Jarrah honey has become increasingly popular for its medicinal properties, low glucose levels, and a high antimicrobial activity. And from now it becomes a new rival for a New Zealand’s famous Manuka honey
A process to certify West Australian honey with medicinal and antimicrobial properties is developed by industry and food testing laboratory ChemCentre and funded by a $500,000 grant from State Government. Yes, now will be able to authenticate WA honey with medicinal properties.
A native tree unique only to Western Australia, Eucalyptus marginata or more famous as the Jarrah tree. It grows in native forests from Perth to WA’s South West. In late spring and early summer, the trees produce a profusion of flowers; the bees start to collect pollen and the precious nectar to make Jarrah honey.
Jarrah honey is considered as a prized honey amongst beekeepers as the forests that it comes from dwindling in size from dieback and clearing. Besides the price, Jarrah is an amber colored honey with a full-bodied, nutty malt flavor that has amazing healing abilities.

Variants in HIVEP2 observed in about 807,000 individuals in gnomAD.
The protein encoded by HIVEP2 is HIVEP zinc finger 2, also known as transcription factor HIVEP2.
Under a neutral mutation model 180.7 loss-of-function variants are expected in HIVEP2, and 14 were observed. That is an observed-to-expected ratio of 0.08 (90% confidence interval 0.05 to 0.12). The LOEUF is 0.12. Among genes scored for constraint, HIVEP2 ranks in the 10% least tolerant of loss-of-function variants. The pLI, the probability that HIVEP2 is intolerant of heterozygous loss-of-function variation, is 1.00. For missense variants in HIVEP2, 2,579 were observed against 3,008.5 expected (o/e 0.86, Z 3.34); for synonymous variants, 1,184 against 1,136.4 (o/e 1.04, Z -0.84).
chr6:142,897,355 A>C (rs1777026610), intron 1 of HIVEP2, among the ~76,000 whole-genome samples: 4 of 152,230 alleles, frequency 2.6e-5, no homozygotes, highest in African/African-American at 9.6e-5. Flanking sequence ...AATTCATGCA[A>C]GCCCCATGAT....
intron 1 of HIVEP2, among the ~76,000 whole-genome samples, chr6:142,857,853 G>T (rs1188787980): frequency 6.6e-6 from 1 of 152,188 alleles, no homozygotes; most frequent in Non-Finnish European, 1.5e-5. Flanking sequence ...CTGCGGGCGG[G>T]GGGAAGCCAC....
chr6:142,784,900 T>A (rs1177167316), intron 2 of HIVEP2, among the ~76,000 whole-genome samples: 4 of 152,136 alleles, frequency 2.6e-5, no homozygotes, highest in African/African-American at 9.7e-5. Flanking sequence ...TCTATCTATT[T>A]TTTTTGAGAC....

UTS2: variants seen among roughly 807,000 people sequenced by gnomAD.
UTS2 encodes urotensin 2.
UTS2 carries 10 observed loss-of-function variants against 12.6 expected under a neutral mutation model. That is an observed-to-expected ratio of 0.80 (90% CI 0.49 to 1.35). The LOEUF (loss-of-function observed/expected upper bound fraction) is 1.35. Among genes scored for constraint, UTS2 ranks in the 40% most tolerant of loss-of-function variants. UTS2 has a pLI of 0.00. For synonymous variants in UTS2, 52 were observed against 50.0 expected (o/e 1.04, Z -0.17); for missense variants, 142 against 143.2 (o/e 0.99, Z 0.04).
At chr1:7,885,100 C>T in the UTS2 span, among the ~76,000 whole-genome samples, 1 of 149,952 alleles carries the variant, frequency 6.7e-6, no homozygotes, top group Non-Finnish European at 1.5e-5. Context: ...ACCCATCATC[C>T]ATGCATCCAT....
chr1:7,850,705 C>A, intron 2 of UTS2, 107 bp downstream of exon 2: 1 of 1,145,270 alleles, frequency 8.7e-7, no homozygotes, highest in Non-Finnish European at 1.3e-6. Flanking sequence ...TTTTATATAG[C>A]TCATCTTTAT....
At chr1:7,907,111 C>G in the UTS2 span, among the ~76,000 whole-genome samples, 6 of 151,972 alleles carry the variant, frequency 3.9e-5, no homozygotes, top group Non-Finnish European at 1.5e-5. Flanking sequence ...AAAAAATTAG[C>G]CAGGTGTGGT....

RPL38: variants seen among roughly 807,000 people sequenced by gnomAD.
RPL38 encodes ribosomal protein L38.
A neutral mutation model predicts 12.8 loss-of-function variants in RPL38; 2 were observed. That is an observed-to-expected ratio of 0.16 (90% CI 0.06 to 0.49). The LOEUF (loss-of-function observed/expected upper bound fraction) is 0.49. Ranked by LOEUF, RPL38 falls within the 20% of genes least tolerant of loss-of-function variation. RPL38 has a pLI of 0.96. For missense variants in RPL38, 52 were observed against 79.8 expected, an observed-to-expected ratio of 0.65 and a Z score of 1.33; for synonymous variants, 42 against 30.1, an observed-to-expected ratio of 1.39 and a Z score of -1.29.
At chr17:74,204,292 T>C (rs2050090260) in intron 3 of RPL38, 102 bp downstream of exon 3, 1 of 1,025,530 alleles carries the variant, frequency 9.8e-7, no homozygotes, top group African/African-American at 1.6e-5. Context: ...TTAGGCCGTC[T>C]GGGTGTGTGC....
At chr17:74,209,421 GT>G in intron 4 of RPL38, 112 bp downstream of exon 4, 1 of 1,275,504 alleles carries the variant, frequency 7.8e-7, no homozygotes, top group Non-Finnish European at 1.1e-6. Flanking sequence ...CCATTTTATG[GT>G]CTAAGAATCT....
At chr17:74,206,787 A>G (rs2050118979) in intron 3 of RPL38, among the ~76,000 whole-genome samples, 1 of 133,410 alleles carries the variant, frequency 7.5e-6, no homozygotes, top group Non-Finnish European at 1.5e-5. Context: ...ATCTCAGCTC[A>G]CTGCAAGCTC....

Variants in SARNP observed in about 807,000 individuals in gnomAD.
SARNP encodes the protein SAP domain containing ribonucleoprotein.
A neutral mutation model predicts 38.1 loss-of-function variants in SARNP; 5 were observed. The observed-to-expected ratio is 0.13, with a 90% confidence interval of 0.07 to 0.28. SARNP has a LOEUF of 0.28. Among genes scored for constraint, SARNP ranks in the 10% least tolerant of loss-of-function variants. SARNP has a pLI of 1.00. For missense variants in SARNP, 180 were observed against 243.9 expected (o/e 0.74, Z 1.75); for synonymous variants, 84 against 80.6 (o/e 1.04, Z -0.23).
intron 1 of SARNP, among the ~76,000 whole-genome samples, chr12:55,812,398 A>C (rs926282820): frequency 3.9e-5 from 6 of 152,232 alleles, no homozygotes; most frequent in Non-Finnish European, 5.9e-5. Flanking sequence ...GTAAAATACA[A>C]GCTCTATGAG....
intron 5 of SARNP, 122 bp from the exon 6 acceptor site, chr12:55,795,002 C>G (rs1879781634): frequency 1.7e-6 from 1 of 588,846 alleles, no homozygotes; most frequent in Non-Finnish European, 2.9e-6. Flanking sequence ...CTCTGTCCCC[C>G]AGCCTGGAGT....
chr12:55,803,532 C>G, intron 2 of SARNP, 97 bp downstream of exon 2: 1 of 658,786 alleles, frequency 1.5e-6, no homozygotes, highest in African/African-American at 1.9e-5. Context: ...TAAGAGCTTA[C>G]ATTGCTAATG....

The antimicrobial activity of Jarrah honey is derived via natural enzymes in the honey. While the antimicrobial and healing effects of honey have been known for thousands of years, Jarrah honey has become increasingly popular for its medicinal properties, low glucose levels, and a high antimicrobial activity.
Water molecules strongly react with the sugars in Jarrah honey leaving little water available for microorganisms to grow. Bacteria that can cause infections are unable to survive in Jarrah honey because they become dehydrated. That makes Jarrah an incredible healing honey!
WA honey industry had not been able to market Jarrah honey with these medicinal properties effectively because it had no official certification process. ChemCentre principal food scientist Ken Dods said the certification would be able to test for and confirm the presence of antimicrobial activity in honey.
"This certification process will protect and grow the WA honey industry," he said.